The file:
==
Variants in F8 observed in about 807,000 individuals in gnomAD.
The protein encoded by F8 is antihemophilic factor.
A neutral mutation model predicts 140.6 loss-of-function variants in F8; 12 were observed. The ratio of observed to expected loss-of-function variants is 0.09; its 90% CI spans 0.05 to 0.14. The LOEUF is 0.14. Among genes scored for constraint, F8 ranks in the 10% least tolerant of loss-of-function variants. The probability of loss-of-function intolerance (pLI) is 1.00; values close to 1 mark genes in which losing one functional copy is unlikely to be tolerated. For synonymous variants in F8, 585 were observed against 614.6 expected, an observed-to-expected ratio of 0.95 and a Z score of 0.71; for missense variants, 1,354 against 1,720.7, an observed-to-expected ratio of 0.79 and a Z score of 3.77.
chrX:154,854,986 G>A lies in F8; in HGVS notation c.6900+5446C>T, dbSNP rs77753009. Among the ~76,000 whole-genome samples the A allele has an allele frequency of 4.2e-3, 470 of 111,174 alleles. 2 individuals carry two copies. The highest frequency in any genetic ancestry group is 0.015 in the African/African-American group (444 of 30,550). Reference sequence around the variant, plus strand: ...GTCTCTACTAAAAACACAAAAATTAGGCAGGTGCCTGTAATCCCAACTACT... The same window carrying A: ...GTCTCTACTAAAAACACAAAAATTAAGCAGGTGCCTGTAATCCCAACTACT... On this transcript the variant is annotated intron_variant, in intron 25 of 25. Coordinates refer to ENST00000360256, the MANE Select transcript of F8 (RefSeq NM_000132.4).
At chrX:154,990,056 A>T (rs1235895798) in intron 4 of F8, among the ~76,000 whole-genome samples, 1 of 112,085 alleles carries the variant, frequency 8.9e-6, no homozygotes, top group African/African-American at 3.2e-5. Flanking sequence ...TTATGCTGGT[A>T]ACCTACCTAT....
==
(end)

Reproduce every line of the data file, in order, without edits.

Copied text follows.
Variants in F8 observed in about 807,000 individuals in gnomAD.
The protein encoded by F8 is antihemophilic factor.
A neutral mutation model predicts 140.6 loss-of-function variants in F8; 12 were observed. The ratio of observed to expected loss-of-function variants is 0.09; its 90% CI spans 0.05 to 0.14. The LOEUF is 0.14. Among genes scored for constraint, F8 ranks in the 10% least tolerant of loss-of-function variants. The probability of loss-of-function intolerance (pLI) is 1.00; values close to 1 mark genes in which losing one functional copy is unlikely to be tolerated. For synonymous variants in F8, 585 were observed against 614.6 expected, an observed-to-expected ratio of 0.95 and a Z score of 0.71; for missense variants, 1,354 against 1,720.7, an observed-to-expected ratio of 0.79 and a Z score of 3.77.
chrX:154,854,986 G>A lies in F8; in HGVS notation c.6900+5446C>T, dbSNP rs77753009. Among the ~76,000 whole-genome samples the A allele has an allele frequency of 4.2e-3, 470 of 111,174 alleles. 2 individuals carry two copies. The highest frequency in any genetic ancestry group is 0.015 in the African/African-American group (444 of 30,550). Reference sequence around the variant, plus strand: ...GTCTCTACTAAAAACACAAAAATTAGGCAGGTGCCTGTAATCCCAACTACT... The same window carrying A: ...GTCTCTACTAAAAACACAAAAATTAAGCAGGTGCCTGTAATCCCAACTACT... On this transcript the variant is annotated intron_variant, in intron 25 of 25. Coordinates refer to ENST00000360256, the MANE Select transcript of F8 (RefSeq NM_000132.4).
At chrX:154,990,056 A>T (rs1235895798) in intron 4 of F8, among the ~76,000 whole-genome samples, 1 of 112,085 alleles carries the variant, frequency 8.9e-6, no homozygotes, top group African/African-American at 3.2e-5. Flanking sequence ...TTATGCTGGT[A>T]ACCTACCTAT....